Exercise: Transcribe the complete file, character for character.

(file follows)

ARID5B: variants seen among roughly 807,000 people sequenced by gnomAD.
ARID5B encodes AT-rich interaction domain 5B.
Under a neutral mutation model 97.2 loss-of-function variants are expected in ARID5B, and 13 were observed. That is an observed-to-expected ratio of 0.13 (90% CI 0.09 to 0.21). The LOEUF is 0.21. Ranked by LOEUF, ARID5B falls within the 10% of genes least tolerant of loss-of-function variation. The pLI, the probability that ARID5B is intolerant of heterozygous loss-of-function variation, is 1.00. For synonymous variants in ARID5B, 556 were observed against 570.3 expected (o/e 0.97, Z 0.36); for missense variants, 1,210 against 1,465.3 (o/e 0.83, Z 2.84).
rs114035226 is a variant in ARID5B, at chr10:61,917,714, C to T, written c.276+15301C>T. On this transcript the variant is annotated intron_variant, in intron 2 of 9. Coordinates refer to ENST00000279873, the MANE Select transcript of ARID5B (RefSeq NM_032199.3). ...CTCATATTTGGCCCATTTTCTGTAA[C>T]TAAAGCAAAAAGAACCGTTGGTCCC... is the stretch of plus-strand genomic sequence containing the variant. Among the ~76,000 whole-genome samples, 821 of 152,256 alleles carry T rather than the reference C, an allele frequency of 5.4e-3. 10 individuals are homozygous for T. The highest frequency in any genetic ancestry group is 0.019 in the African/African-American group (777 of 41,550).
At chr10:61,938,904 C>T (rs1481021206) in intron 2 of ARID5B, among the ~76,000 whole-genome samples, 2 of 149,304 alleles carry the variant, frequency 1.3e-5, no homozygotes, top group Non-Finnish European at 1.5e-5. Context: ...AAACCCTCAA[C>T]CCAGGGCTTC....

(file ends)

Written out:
ARID5B: variants seen among roughly 807,000 people sequenced by gnomAD.
ARID5B encodes AT-rich interaction domain 5B.
Under a neutral mutation model 97.2 loss-of-function variants are expected in ARID5B, and 13 were observed. That is an observed-to-expected ratio of 0.13 (90% CI 0.09 to 0.21). The LOEUF is 0.21. Ranked by LOEUF, ARID5B falls within the 10% of genes least tolerant of loss-of-function variation. The pLI, the probability that ARID5B is intolerant of heterozygous loss-of-function variation, is 1.00. For synonymous variants in ARID5B, 556 were observed against 570.3 expected (o/e 0.97, Z 0.36); for missense variants, 1,210 against 1,465.3 (o/e 0.83, Z 2.84).
rs114035226 is a variant in ARID5B, at chr10:61,917,714, C to T, written c.276+15301C>T. On this transcript the variant is annotated intron_variant, in intron 2 of 9. Coordinates refer to ENST00000279873, the MANE Select transcript of ARID5B (RefSeq NM_032199.3). ...CTCATATTTGGCCCATTTTCTGTAA[C>T]TAAAGCAAAAAGAACCGTTGGTCCC... is the stretch of plus-strand genomic sequence containing the variant. Among the ~76,000 whole-genome samples, 821 of 152,256 alleles carry T rather than the reference C, an allele frequency of 5.4e-3. 10 individuals are homozygous for T. The highest frequency in any genetic ancestry group is 0.019 in the African/African-American group (777 of 41,550).
At chr10:61,938,904 C>T (rs1481021206) in intron 2 of ARID5B, among the ~76,000 whole-genome samples, 2 of 149,304 alleles carry the variant, frequency 1.3e-5, no homozygotes, top group Non-Finnish European at 1.5e-5. Context: ...AAACCCTCAA[C>T]CCAGGGCTTC....